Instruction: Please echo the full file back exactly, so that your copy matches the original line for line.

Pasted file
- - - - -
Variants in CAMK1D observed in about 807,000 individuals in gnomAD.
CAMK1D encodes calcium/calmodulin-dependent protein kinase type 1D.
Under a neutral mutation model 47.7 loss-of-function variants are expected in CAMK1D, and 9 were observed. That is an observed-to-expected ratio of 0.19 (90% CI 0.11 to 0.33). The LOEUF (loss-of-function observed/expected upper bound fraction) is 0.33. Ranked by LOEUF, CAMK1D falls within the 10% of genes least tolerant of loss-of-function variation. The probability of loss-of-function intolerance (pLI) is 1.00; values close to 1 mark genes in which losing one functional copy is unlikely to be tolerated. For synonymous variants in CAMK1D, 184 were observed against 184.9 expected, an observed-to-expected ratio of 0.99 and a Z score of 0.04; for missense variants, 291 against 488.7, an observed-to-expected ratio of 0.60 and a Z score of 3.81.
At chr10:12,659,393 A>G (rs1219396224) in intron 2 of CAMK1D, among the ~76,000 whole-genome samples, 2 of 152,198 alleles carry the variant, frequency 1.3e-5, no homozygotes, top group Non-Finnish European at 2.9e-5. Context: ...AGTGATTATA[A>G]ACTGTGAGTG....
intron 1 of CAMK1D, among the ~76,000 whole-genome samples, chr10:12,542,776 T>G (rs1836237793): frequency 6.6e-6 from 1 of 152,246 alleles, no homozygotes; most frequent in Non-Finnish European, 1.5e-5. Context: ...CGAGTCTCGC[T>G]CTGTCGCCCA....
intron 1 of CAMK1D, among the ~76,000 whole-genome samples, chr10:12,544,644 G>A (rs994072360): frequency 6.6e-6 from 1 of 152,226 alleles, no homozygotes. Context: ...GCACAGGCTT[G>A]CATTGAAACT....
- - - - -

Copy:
Variants in CAMK1D observed in about 807,000 individuals in gnomAD.
CAMK1D encodes calcium/calmodulin-dependent protein kinase type 1D.
Under a neutral mutation model 47.7 loss-of-function variants are expected in CAMK1D, and 9 were observed. That is an observed-to-expected ratio of 0.19 (90% CI 0.11 to 0.33). The LOEUF (loss-of-function observed/expected upper bound fraction) is 0.33. Ranked by LOEUF, CAMK1D falls within the 10% of genes least tolerant of loss-of-function variation. The probability of loss-of-function intolerance (pLI) is 1.00; values close to 1 mark genes in which losing one functional copy is unlikely to be tolerated. For synonymous variants in CAMK1D, 184 were observed against 184.9 expected, an observed-to-expected ratio of 0.99 and a Z score of 0.04; for missense variants, 291 against 488.7, an observed-to-expected ratio of 0.60 and a Z score of 3.81.
At chr10:12,659,393 A>G (rs1219396224) in intron 2 of CAMK1D, among the ~76,000 whole-genome samples, 2 of 152,198 alleles carry the variant, frequency 1.3e-5, no homozygotes, top group Non-Finnish European at 2.9e-5. Context: ...AGTGATTATA[A>G]ACTGTGAGTG....
intron 1 of CAMK1D, among the ~76,000 whole-genome samples, chr10:12,542,776 T>G (rs1836237793): frequency 6.6e-6 from 1 of 152,246 alleles, no homozygotes; most frequent in Non-Finnish European, 1.5e-5. Context: ...CGAGTCTCGC[T>G]CTGTCGCCCA....
intron 1 of CAMK1D, among the ~76,000 whole-genome samples, chr10:12,544,644 G>A (rs994072360): frequency 6.6e-6 from 1 of 152,226 alleles, no homozygotes. Context: ...GCACAGGCTT[G>A]CATTGAAACT....